Bring Me The Horizon’s Oli Sykes Sheds Light on Recent Series of Collaborations

Earlier this week, we spoke to lead vocalist Oliver Sykes of Bring Me The Horizon (full interview here) ahead of their Good Things Festival headline slot this December. In the close and personal chat, the frontman shed some light on the influx of collabs we’ve heard with his, and/or BMTH‘s name attached recently.

To catch you up, there’ve been singles with Ed Sheeran on ‘Bad Habits‘, Machine Gun Kelly on ‘Maybe‘, Masked Wolf on ‘Fallout‘, IC3PEAK on ‘VAMPIR‘, Alice Longyu Gao on ‘Believe The Hype‘, daine on ‘SALT‘ and most recently on ‘Bad Life‘ with Sigrid. Many fans have been wondering why so many collabs started to emerge in such a close period, and in our interview, we found out a little more about it.

“A lot of these were in lockdown – obviously I had a lot of spare time and a lot of good stuff came [my way], where I was like ‘you know what? This is sick!’, or I really thought this is my way to support that artist.”

Beyond his true-to-form altruistic approach, the forced hibernation phase also enabled Sykes to fulfil something that hadn’t quite been translating into his band’s releases, and it was relieving…

To get out some of my creative urges that I would have otherwise maybe inflicted on our band and everyone would hate me for it [laughs]. I love so many different kinds of music. I love pop music to black metal, to whatever.

Sykes has had the intention to dabble in some more styles on a Bring Me The Horizon record but appreciates it might be a step too far.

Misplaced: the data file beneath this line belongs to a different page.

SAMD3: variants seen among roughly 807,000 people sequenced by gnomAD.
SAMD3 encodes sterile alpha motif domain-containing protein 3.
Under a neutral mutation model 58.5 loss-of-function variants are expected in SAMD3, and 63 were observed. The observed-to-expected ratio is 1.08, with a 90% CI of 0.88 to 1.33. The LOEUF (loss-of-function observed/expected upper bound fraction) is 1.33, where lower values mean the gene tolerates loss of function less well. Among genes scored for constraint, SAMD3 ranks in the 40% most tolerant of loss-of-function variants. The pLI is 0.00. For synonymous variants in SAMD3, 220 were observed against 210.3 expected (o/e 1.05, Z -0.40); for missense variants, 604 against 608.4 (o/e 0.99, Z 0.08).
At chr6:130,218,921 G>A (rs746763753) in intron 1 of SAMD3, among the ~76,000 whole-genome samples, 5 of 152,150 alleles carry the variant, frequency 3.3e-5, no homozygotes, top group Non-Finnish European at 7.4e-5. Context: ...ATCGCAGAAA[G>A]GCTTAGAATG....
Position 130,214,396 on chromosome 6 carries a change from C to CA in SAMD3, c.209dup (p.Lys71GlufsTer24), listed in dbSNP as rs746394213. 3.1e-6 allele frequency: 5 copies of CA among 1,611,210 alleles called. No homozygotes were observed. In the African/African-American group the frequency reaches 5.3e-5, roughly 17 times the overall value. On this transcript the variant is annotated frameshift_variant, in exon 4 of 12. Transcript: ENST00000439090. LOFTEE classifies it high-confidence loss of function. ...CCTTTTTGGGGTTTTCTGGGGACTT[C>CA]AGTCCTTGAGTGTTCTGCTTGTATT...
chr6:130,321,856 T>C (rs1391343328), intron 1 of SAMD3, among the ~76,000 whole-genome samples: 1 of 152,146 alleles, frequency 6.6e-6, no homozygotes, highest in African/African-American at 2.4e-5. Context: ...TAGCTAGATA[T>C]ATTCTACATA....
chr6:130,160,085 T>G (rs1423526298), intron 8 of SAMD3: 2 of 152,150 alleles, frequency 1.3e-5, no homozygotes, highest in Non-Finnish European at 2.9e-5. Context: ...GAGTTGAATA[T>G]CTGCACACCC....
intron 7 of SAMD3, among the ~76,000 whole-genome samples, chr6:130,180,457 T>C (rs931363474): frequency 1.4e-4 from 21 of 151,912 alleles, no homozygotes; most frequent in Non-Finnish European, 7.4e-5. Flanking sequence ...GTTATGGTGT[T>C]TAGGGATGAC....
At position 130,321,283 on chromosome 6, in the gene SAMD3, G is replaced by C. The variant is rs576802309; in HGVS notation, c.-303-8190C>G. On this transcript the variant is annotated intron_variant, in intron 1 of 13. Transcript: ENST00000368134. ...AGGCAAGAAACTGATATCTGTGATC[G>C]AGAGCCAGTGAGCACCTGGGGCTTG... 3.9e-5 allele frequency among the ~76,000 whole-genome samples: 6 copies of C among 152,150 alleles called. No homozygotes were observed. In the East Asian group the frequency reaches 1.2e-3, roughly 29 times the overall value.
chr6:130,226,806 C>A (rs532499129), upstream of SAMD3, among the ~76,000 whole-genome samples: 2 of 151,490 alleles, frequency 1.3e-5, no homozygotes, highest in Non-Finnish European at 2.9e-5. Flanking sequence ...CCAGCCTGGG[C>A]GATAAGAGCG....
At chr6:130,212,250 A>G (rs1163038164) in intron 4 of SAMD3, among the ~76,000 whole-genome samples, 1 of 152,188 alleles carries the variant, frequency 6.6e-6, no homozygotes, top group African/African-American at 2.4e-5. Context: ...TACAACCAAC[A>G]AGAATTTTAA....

Sometimes I would love to put all of that stuff into our music, but it’s not possible – and sometimes I just want to be a completely different band and there’ve been moments in our career and on some albums where I’ve tried to do that. It’s almost like taking a step back.”

The frontman also has drawn an understanding from what his loyal fans really need and connects with that immensely.

“We are a rock band and I’m not saying that we can’t push the boundaries, because that’s what we’re about. I guess I’ve kind of accepted and also sympathised with fans that we are a rock band, and if we lose that element of us, it’s not what people signed up for.”

This ultimately became the reason why we saw these collabs surface, as a way to separate himself from that confronting dichotomy. Cathartically, Sykes shares:

“The collabs have been a really nice way of getting to do whatever I want and not worrying about the fans, ’cause I’m like ‘if you don’t like it, you literally don’t have to listen to it. And if you don’t like it, just be grateful that I’m not imposing it on you in our music.’”

“If you genuinely like a song that’s someone put forward to you, or an artist that you want to support, why not? It’s a special thing and it’s a nice connection. It’s just something that I’ve really been enjoying doing.”

Either way, it’s great to see Oli showcasing his talent across various projects, proving he really is one of the most diverse vocalists in the industry right now.

What’s been your favourite? Listen to the full chat below!

Words by Ricky Aarons (@rickysaul90)

About Ricky Aarons (866 Articles)
Co-editor at Wall of Sound and self-acclaimed deathcore connoisseur. My purpose is to expose you to the best emerging breakdowns and gutturals that this planet has to offer.